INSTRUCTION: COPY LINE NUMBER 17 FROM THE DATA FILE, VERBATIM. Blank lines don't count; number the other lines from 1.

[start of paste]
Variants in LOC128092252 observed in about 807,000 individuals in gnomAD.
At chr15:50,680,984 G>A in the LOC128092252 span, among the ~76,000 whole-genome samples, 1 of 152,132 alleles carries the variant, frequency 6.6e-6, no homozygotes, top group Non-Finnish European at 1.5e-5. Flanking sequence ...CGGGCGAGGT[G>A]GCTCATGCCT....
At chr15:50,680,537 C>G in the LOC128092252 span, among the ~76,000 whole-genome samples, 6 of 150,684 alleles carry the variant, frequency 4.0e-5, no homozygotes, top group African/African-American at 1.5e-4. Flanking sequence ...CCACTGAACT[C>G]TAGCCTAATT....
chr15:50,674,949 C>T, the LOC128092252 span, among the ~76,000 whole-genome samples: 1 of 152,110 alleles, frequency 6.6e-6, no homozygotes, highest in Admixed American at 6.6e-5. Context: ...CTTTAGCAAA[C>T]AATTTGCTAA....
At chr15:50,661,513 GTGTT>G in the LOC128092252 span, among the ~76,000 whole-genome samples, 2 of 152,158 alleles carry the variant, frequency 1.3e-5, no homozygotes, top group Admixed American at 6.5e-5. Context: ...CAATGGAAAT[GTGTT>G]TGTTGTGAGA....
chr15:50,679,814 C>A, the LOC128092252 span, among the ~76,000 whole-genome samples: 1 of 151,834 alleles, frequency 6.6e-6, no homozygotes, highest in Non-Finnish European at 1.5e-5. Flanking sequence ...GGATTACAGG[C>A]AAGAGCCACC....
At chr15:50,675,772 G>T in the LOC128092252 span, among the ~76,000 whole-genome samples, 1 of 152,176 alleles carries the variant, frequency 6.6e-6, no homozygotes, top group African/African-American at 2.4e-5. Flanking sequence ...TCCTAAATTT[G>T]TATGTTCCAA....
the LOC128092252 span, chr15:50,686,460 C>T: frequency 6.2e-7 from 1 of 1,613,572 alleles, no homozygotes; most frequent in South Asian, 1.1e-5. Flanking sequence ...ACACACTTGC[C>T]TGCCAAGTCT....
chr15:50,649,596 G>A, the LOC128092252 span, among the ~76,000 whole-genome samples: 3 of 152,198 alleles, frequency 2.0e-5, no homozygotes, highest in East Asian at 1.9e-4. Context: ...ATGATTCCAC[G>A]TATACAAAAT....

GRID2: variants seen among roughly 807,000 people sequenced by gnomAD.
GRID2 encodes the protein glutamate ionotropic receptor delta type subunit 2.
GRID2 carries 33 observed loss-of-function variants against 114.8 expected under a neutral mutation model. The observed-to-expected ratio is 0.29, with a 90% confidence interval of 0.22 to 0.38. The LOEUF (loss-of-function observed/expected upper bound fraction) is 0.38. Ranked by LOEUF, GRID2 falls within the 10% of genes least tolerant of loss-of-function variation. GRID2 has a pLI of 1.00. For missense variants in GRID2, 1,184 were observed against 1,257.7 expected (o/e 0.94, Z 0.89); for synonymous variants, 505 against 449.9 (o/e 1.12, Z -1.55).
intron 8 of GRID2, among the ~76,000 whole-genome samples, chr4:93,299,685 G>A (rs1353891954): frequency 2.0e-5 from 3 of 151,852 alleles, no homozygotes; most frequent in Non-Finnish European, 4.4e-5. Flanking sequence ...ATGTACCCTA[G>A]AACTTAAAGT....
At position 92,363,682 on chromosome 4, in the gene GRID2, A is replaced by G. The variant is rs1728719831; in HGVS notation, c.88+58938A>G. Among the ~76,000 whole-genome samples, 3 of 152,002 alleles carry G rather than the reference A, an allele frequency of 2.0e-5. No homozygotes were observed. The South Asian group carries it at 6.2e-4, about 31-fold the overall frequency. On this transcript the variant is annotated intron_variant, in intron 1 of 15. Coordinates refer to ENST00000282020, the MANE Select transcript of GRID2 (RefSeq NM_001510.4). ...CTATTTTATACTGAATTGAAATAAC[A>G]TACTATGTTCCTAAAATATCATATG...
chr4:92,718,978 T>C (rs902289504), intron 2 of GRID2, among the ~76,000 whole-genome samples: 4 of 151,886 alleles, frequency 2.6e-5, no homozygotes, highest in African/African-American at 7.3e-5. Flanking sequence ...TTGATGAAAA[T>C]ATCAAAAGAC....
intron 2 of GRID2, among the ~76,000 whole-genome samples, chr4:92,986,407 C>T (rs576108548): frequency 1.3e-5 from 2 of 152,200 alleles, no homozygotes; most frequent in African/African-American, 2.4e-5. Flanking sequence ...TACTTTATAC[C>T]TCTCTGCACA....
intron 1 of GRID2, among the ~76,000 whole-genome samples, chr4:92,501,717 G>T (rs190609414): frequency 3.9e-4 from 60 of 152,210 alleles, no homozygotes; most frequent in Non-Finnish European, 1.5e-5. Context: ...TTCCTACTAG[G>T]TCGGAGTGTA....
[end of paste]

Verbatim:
intron 1 of GRID2, among the ~76,000 whole-genome samples, chr4:92,501,717 G>T (rs190609414): frequency 3.9e-4 from 60 of 152,210 alleles, no homozygotes; most frequent in Non-Finnish European, 1.5e-5. Context: ...TTCCTACTAG[G>T]TCGGAGTGTA....